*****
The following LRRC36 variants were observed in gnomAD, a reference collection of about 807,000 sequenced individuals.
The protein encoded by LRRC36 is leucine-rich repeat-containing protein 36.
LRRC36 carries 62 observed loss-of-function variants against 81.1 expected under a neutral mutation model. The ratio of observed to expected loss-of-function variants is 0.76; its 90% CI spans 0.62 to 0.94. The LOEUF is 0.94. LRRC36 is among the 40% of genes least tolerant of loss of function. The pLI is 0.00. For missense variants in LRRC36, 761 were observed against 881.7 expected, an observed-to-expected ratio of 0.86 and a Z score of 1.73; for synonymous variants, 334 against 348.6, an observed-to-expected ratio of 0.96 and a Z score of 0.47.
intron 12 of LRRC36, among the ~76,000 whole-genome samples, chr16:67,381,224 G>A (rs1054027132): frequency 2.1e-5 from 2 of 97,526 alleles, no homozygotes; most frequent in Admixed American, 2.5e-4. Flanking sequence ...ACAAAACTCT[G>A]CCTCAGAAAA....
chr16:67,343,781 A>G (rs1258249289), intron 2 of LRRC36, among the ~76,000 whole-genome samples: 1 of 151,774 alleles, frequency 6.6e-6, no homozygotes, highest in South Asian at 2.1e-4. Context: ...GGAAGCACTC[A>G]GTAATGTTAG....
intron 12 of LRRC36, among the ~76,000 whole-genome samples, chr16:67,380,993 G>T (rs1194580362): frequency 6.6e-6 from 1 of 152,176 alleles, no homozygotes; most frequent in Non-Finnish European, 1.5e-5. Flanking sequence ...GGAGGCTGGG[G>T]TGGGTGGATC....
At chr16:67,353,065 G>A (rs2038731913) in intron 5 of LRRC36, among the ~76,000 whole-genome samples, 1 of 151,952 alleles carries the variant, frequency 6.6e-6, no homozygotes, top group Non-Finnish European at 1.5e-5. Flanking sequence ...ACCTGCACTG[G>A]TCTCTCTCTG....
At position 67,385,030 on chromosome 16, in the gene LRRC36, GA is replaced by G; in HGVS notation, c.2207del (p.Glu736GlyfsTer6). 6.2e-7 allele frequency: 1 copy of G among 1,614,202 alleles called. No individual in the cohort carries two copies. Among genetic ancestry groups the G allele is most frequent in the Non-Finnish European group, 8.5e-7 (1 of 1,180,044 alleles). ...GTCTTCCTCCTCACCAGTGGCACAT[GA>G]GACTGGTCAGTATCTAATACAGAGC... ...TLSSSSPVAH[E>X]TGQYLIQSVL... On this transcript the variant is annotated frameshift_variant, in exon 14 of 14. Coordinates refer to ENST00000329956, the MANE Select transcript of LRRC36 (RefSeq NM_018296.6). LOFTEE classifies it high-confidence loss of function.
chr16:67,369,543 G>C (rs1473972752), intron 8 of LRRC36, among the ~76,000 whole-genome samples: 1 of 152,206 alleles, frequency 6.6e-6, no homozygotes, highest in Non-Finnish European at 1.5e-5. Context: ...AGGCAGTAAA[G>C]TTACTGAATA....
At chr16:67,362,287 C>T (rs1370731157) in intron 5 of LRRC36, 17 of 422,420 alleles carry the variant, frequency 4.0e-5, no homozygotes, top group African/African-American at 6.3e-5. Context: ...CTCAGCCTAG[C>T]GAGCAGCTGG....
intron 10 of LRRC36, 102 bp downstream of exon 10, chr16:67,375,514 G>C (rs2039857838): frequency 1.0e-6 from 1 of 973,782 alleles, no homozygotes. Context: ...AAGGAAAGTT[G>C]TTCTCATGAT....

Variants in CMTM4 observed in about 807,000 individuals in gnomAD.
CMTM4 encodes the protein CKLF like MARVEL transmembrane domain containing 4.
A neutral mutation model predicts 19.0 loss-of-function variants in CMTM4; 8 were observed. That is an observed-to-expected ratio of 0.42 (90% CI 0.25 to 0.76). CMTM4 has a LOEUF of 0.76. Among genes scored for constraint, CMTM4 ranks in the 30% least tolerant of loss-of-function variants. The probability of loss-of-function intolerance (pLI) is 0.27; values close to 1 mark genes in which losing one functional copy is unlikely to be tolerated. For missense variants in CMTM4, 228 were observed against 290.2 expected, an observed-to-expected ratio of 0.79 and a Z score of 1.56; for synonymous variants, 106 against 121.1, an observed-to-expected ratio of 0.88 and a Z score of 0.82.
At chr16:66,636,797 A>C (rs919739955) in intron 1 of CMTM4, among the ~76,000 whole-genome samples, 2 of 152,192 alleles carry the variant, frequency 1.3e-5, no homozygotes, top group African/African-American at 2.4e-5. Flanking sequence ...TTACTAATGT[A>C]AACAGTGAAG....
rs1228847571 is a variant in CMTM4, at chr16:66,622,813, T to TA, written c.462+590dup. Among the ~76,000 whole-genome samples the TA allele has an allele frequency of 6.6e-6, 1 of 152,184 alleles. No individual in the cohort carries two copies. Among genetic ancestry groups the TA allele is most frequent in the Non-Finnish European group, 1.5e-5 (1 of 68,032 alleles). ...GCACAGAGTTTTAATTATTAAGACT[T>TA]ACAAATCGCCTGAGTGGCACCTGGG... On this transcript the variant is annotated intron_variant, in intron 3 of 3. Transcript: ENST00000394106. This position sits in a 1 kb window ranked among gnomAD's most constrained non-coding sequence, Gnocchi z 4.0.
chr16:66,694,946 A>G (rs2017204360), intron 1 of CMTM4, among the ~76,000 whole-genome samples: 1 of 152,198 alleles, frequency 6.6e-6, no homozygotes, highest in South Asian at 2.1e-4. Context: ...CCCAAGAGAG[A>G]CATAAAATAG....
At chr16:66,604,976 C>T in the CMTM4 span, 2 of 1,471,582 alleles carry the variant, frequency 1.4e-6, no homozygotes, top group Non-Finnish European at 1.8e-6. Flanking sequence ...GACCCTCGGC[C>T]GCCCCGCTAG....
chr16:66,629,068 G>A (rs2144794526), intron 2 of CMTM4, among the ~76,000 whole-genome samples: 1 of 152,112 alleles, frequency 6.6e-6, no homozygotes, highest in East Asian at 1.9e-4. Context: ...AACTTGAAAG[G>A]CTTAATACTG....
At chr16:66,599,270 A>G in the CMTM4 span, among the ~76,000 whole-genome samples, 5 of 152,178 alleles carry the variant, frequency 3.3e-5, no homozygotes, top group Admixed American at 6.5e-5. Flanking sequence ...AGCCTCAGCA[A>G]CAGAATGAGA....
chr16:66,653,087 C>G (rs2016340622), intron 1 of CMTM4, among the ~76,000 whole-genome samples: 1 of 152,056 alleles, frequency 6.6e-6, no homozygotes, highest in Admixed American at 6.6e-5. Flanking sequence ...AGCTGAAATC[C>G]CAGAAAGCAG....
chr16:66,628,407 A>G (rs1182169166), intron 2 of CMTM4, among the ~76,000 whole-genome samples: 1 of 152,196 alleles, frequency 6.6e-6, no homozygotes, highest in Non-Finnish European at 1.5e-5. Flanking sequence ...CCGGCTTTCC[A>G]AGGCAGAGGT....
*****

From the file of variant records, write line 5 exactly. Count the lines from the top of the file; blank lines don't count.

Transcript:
chr16:67,343,781 A>G (rs1258249289), intron 2 of LRRC36, among the ~76,000 whole-genome samples: 1 of 151,774 alleles, frequency 6.6e-6, no homozygotes, highest in South Asian at 2.1e-4. Context: ...GGAAGCACTC[A>G]GTAATGTTAG....